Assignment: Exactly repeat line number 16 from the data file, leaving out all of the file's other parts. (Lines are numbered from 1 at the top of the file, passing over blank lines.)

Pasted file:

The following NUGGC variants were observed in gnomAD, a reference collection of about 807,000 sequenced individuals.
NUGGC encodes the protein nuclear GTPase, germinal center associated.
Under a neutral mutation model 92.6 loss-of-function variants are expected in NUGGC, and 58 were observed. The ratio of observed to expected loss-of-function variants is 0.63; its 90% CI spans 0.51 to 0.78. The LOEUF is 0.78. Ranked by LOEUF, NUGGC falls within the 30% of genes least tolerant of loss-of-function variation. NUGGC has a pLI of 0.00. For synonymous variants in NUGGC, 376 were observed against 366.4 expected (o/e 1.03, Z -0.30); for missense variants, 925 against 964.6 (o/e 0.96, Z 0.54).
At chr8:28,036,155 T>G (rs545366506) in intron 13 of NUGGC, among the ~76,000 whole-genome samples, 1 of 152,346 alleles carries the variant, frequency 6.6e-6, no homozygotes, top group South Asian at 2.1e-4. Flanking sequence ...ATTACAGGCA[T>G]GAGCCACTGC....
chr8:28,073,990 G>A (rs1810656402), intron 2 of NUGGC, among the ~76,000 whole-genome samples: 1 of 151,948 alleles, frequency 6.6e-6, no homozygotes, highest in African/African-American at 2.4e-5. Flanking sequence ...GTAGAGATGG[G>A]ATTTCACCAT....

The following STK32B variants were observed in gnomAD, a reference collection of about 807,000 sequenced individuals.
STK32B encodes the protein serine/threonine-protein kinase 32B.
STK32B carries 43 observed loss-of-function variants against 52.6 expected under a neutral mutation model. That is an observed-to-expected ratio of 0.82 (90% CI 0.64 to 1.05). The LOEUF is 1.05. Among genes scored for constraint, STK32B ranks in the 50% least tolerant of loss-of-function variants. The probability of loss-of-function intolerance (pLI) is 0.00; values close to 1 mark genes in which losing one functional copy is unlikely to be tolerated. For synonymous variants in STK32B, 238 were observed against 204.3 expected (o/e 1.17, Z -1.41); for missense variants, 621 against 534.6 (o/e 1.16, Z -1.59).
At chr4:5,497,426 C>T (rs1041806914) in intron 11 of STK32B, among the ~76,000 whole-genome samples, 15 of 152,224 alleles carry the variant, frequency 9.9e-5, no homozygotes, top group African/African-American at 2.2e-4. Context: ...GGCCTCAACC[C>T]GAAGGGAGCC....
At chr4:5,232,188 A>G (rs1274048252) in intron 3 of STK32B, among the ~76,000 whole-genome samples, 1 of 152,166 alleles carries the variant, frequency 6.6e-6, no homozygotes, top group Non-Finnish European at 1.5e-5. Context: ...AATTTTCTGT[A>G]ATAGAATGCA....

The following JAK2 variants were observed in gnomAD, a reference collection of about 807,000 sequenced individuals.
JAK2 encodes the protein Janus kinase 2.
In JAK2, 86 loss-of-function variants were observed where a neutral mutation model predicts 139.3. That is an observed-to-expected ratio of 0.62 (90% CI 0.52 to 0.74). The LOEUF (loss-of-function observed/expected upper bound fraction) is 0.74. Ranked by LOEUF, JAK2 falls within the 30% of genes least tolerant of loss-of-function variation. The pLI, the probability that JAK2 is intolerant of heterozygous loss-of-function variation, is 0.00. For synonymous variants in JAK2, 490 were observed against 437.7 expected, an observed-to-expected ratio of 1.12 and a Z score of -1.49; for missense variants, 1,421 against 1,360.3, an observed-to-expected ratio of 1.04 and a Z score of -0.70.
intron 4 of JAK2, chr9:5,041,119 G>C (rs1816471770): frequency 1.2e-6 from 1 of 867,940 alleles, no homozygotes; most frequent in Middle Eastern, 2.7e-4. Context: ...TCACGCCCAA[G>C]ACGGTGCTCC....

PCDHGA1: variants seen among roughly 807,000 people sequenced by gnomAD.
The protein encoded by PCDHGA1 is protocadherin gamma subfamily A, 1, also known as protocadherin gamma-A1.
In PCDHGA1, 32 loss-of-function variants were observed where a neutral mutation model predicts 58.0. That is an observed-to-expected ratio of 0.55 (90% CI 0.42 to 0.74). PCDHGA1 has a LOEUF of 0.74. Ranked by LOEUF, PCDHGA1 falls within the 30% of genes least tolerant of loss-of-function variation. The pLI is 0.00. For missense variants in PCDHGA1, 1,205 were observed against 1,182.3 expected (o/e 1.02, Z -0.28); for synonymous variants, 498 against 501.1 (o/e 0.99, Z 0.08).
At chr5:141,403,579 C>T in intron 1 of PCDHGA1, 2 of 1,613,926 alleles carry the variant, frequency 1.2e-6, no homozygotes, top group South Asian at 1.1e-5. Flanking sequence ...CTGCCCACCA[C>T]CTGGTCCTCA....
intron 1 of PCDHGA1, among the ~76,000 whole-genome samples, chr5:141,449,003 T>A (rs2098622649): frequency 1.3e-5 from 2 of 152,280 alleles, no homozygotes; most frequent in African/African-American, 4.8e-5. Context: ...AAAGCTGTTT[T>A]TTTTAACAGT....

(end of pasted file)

The protein encoded by PCDHGA1 is protocadherin gamma subfamily A, 1, also known as protocadherin gamma-A1.